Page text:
This will add a pre-commit hook to your project. You can find the hook in the .husky folder. In the pre-commit file, you can add the commands you want to run before the commit is made. In our case, we will run a group of command. This is a good example in case you want to run multiple commands before the commit is made.

1husky run -v --group "pre-commit"

Add commit-msg hook

We will add a commit msg hook to lint the commit message before the commit is made. Husky.Net will run the commit msg hook before the commit is made.

1dotnet husky add commit-msg

This will add a commit msg hook to your project. You can find the hook in the .husky folder. In the commit-msg file, you can add the commands you want to run before the commit is made. In our case, we will run commit-msg.

1husky run --name "commit-message-linter" --args "$1"
2echo
3echo Great work! 🥂
4echo

Add a commit message linter

We will add a commit message linter to lint the commit message. Husky.Net will run the commit message linter before the commit is made. Create a new folder in the .husky folder and name it csx (csx stands for C# script). In the csx folder, create a new file and name it commit-lint.csx. In the commit-lint.csx file, add the following code.

1using System.Text.RegularExpressions;
2
3private var pattern = @"^(?=.{1,90}$)(?:build|feat|ci|chore|docs|fix|perf|refactor|revert|style|test|wip)(?:\(.+\))*(?::).{4,}(?:#\d+)*(?<![\.\s])$";
4private var msg = File.ReadAllLines(Args[0])[0];
5
6if (Regex.IsMatch(msg, pattern))
7    return 0;
8
9Console.ForegroundColor = ConsoleColor.Red;
10Console.WriteLine("Invalid commit message");
11Console.ResetColor();
12Console.WriteLine("e.g: 'feat(scope): subject' or 'fix: subject'");
13Console.ForegroundColor = ConsoleColor.Gray;
14Console.WriteLine("more info: https://www.conventionalcommits.org/en/v1.0.0/");
15
16return 1;

Update the task runner

Now we have our hooks ready. We need to update the task runner to run the hooks. Open the task-runner.json file and update the tasks.

1{
2   "tasks": [
3     {
4       "name": "commit-message-linter",
5       "command": "husky",
6       "args": [
7         "exec",
8         ".husky/csx/commit-lint.csx",
9         "--args",
10         "${args}"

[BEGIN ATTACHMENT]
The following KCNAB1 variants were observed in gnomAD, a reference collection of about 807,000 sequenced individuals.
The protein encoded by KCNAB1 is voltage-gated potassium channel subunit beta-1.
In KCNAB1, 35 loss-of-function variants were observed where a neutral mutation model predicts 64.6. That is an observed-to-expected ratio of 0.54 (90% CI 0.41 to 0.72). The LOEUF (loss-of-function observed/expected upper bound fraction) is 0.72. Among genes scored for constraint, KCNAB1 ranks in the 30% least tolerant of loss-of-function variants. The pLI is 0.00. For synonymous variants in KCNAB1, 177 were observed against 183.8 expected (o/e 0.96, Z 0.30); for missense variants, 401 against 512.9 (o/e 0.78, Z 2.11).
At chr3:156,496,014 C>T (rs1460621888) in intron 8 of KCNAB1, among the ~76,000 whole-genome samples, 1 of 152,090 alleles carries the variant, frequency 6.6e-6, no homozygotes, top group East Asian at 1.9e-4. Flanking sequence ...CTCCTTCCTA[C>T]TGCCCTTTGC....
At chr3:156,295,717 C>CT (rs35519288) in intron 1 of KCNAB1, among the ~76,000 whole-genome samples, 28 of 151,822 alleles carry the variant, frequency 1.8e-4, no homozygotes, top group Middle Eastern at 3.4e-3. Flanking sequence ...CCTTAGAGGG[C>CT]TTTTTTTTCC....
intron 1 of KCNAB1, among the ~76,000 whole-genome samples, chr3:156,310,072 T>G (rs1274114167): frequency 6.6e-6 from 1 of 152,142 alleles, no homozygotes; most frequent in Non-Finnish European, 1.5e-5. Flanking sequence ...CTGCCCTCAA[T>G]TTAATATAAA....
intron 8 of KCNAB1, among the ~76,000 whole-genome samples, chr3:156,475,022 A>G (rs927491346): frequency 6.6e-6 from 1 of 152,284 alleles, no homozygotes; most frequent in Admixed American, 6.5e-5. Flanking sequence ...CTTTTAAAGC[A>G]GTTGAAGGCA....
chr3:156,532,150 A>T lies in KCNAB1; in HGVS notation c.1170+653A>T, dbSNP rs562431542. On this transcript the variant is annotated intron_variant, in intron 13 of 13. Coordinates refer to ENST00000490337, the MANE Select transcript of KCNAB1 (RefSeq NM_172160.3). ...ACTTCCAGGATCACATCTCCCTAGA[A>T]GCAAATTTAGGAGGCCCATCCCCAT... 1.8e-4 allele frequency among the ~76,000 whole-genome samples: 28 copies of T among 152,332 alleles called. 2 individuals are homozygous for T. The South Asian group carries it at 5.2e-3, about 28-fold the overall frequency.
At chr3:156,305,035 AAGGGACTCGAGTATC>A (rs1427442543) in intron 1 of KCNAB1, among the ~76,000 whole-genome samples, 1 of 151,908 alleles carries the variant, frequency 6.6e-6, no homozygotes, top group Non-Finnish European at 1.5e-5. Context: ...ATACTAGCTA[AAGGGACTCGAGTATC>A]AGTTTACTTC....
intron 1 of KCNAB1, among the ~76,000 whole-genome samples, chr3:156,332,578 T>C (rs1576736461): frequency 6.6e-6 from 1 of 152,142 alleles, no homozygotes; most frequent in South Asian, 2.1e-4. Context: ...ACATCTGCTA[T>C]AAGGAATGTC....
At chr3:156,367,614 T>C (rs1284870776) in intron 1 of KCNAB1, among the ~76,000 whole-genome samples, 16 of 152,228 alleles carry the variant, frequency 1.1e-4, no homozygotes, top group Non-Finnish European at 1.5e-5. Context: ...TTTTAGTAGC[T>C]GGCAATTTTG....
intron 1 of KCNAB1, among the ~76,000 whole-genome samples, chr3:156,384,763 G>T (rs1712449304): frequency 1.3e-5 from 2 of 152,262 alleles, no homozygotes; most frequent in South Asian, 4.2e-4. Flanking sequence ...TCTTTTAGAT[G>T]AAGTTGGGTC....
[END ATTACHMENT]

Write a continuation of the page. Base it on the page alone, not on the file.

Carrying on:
11       ]
12     },
13     {
14       "name": "dotnet-format",
15       "group": "pre-commit",
16       "command": "dotnet-format",
17       "args": ["--include", "${staged}"],
18       "include": ["**/*.cs"]
19     }
20   ]
21}

Commit and push

Now we are ready to commit and push our changes. Commit and push your changes. You can find the commit message linter in action.

if you followed the steps correctly, you should see the following output when you didn't follow the conventional commits standard.

1[Husky] 🚀 Loading tasks ...
2--------------------------------------------------
3--------------------------------------------------
4[Husky] ⚡ Preparing task 'dotnet-format'
5[Husky] 💤 Skipped, no matched files
6--------------------------------------------------
7[Husky] 🚀 Loading tasks ...
8--------------------------------------------------
9[Husky] ⚡ Preparing task 'commit-message-linter'
10[Husky] ⌛ Executing task 'commit-message-linter' ...
11Invalid commit message
12e.g: 'feat(scope): subject' or 'fix: subject'
13More info: https://www.conventionalcommits.org/en/v1.0.0/
14script execution failed
15
16  ❌ Task 'commit-message-linter' failed in 2.445ms
17
18husky - commit-msg hook exited with code 1 (error)

if you commit message is valid, you should see the following output.

1[Husky] 🚀 Loading tasks ...
2--------------------------------------------------
3[Husky] ⚡ Preparing task 'dotnet-format'
4[Husky] 💤 Skipped, no matched files
5--------------------------------------------------
6[Husky] 🚀 Loading tasks ...
7--------------------------------------------------
8[Husky] ⚡ Preparing task 'commit-message-linter'
9[Husky] ⌛ Executing task 'commit-message-linter' ...
10[Husky]  ✔ Successfully executed in 404ms
11--------------------------------------------------
12
13Great work! 🥂

Attach Husky.Net to your project

To make things easier for other developers, you can attach Husky.Net to your project.

1dotnet husky attach <path-to-project-file>

This will add required configuration to your project file. You can find the configuration in the PropertyGroup section.

1<Target Name="husky" BeforeTargets="Restore;CollectPackageReferences" Condition="'$(HUSKY)' != 0">
2   <Exec Command="dotnet tool restore"  StandardOutputImportance="Low" StandardErrorImportance="High"/>
3   <Exec Command="dotnet husky install" StandardOutputImportance="Low" StandardErrorImportance="High"
4         WorkingDirectory="../../" />  <!--Update this to the relative path to your project root dir -->
5</Target>

Conclusion

In this article, we have seen how to version and release a dotnet application using versionize and github actions. You can find the source code in the github repository for this article. If you have any questions or suggestions, please leave a comment below. Thanks for reading. Happy coding! 🚀 🚀 🚀